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Court papers show legislative extortion probe includes alleged wiretap, false political finance reports

Las Vegas police investigating an alleged Nevada Assembly extortion scheme are looking for evidence that Republican political consultant Tony Dane conducted illegal wiretapping and filed false public documents with the state during the scheme.

The new allegations surfaced this week in a search warrant police obtained to cover computers, digital equipment, cell phones and an automated dialing (robo-calling) system they seized from the conservative activist in Virginia and Utah.

Detectives with the Criminal Intelligence Section of the Metropolitan Police Department disclosed in previous warrants that they were investigating extortion and bribery allegations in the scheme targeting Las Vegas Republican Assemblyman Chris Edwards.

Dane — who has denied wrongdoing and attacked police conduct in the investigation — is regarded as the central figure in the scheme.

Police said last week they do not plan to recommend charges against any state lawmakers in the investigation, which began in December after Edwards reported that he was subjected to pressure to change his vote for Assembly speaker. Republicans installed Las Vegas Assemblyman John Hambrick as speaker in February, following a contentious caucus fight.

In the latest search warrant, filed Monday in District Court, Detective William Schoen said police are looking for evidence showing Dane filed false contribution and expense reports for his CRC Political Action Committee with the Nevada secretary of state’s office as part of the extortion scheme.

State records show Dane reported raising $245,000 last year for CRC PAC. All of the contributions to the PAC, which has a Las Vegas address, were listed as coming from either Dane or his company, Dane & Associates.

Questions about the funding prompted Secretary of State Barbara Cegavske to conduct her own investigation into the PAC, which Dane set up to assist efforts to recall some moderate GOP legislators. Dane has been involved recently in a recall campaign against Edwards, who was elected last November.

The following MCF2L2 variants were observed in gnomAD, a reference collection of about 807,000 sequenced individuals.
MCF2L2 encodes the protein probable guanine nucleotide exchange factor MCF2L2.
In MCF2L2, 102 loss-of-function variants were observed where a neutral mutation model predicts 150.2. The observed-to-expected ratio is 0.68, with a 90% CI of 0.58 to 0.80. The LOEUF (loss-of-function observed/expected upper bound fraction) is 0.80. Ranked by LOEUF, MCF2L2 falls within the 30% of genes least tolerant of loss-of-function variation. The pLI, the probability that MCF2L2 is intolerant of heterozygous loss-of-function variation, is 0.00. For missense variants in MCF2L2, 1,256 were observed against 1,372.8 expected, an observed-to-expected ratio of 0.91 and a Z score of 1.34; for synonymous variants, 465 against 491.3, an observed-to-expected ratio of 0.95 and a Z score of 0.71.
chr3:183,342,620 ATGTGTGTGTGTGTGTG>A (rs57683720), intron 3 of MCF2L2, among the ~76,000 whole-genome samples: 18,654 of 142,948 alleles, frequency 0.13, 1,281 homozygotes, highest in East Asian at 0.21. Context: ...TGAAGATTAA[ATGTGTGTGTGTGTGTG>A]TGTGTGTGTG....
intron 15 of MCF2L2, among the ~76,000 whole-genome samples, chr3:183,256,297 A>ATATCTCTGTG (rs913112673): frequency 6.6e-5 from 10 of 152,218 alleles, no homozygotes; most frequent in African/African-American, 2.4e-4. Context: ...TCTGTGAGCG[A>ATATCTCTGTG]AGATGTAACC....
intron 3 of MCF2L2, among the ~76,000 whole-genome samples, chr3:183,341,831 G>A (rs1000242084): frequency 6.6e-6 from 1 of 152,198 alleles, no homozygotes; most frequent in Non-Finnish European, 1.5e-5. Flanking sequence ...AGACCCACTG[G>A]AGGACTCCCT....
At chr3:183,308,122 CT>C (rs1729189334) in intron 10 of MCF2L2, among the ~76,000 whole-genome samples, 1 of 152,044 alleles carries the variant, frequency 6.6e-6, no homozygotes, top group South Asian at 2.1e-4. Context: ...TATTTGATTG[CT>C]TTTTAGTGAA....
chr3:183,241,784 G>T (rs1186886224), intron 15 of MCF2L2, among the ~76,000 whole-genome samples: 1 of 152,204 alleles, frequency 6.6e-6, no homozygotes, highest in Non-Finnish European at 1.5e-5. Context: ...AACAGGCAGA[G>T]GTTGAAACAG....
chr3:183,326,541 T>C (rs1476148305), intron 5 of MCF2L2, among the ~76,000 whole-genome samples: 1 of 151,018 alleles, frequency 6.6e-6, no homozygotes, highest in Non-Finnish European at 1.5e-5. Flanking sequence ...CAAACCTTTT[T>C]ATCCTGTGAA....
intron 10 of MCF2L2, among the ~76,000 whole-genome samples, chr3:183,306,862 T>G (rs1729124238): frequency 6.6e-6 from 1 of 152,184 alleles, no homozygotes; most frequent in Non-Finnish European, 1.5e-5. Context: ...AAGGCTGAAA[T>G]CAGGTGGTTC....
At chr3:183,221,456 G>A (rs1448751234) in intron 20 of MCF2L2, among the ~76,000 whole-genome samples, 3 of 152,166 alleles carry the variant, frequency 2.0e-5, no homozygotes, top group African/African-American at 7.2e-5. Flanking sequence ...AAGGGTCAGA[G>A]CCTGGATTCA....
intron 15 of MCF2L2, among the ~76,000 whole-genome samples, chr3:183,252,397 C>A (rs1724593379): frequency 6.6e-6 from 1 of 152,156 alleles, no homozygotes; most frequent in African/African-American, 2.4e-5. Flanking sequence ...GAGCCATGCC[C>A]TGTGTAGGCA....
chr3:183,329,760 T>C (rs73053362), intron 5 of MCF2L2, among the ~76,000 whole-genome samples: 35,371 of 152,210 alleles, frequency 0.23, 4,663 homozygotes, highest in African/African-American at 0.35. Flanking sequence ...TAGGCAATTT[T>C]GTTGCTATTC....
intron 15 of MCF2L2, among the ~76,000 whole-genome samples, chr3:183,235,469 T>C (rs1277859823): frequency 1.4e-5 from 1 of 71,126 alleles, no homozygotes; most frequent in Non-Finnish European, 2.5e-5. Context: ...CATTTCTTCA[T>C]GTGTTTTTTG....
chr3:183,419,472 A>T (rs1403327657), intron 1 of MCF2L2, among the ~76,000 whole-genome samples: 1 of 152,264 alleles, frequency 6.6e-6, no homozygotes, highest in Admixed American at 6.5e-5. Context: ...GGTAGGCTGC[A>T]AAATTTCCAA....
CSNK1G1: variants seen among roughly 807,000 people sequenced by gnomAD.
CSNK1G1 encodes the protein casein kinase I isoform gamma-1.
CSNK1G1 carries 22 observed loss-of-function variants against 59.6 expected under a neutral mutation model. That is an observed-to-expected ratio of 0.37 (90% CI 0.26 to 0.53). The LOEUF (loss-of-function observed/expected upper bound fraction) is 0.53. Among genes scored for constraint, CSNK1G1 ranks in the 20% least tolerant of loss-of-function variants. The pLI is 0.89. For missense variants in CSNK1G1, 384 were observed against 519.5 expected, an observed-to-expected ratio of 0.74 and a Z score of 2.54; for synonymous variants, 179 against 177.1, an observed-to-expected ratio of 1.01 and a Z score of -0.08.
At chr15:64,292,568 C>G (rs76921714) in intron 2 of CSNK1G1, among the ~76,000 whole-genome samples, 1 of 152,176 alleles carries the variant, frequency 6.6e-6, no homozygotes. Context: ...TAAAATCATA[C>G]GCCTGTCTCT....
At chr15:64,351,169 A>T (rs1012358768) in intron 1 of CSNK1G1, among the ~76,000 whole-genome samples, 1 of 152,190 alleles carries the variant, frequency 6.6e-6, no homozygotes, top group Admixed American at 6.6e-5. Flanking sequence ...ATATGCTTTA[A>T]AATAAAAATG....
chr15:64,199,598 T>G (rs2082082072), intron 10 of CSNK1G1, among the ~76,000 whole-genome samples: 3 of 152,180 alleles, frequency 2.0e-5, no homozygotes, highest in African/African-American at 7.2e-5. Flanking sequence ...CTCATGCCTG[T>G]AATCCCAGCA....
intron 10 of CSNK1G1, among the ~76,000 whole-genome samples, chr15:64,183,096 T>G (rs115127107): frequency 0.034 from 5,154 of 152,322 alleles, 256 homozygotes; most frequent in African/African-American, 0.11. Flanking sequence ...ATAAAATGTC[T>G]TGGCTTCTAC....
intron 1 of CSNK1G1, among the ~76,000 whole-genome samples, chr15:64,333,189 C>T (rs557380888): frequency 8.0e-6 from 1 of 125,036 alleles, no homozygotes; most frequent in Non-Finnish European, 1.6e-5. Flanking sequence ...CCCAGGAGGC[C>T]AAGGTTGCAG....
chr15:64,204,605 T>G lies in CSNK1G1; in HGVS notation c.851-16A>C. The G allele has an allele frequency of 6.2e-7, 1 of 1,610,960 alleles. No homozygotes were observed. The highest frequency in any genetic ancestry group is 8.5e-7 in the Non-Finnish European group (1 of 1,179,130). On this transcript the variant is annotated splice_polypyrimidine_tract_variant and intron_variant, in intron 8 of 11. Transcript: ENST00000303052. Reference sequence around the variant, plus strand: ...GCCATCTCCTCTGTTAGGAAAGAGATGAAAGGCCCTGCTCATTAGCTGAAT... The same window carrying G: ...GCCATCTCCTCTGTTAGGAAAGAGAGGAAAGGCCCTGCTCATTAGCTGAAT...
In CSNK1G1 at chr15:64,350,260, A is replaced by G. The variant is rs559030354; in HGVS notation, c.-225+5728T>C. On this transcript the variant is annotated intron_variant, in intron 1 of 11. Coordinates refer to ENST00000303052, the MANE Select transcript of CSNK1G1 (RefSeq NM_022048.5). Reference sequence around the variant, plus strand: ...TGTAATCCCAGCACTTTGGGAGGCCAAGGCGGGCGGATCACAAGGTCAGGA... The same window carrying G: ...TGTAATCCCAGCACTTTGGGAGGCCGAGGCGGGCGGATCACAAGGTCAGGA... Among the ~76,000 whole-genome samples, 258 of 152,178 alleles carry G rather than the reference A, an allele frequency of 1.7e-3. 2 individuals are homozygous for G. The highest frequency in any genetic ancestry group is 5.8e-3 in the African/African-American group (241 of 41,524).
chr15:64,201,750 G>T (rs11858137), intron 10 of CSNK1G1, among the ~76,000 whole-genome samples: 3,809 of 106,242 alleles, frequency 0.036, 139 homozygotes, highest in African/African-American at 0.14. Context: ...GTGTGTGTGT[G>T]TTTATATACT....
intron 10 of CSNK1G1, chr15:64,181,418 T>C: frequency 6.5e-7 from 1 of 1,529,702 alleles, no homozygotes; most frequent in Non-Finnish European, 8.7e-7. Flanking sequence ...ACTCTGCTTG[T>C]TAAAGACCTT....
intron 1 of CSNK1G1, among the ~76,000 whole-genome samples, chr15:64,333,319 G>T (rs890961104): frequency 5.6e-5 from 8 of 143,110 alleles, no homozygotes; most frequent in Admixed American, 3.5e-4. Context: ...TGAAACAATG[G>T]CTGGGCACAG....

Clark County Republicans filed a complaint with Cegavske asking her to investigate whether Dane was illegally funneling conduit contributions to the CRC PAC to aid the recall efforts.

Cegavske’s spokeswoman Catherine Lu said Wednesday the secretary of state has sought the assistance of the attorney general in the investigation. Citing the pending investigation, Lu declined further comment.

In pursuing wiretapping allegations, police want to examine stored “Internet browser and application data” from Dane’s automated calling equipment in Utah that was “used to capture Edwards’ telephone conversations, ”according to the warrant.

That suggests the robo-calling system was set up to record conversations, possibly in violation of state law. In Nevada, both parties must consent to a recorded telephone conversation.

Dane’s system in the past allowed the recipients of the call to either press a button to express an opinion or to be transferred to another number, presumably the targeted candidate or elected official.

Edwards and at least one other Republican assemblyman singled out by Dane have received calls forwarded by the robo-calling equipment.

The search warrant said detectives also seek “audio files” of Edwards “engaged in telephone conversations with others.”

Detectives also want the contacts and call history from cell phones between Dane and others “regarding the bribery and extortion of Edwards and the funding of CRC PAC,” the warrant stated.

And police are attempting to trace the flow of money through financial and banking transactions involving Dane, his companies Dane & Associates and Automated Calling, his wife, Melissa, and the CRC PAC, according to the warrant.

Lately, Dane’s CRC PAC has criticized Las Vegas police and Schoen, the investigation’s lead detective.

The PAC’s website claims police have shown a “total disregard for the rights of citizens” and need to be held accountable. The site alleges Dane and others tied to the investigation are being persecuted for speaking out against unnecessary tax increases, and solicits contributions.

“Your donation will help pay legal costs for those who’s rights have been violated,” the site says.

On Wednesday, Dane’s lawyer David Otto said the latest allegations are part of the effort to “silence” Dane.

Otto said he didn’t believe Dane filed any false documents with the secretary of state.

“He’s not required to report any donations, even though he did, unless there is an election in progress,” Otto said. “At the time of his reports, there was no election in progress.”

Otto has filed court papers seeking the return of the property seized from Dane. He also wants a federal judge to unseal sworn affidavits police submitted before searches in Virginia and Utah.

Schoen’s affidavit submitted in the latest search warrant request was sealed by Chief District Judge David Barker, who approved the warrant.

Contact Jeff German at jgerman@reviewjournal.com or 702-380-8135. Follow @JGermanRJ on Twitter.

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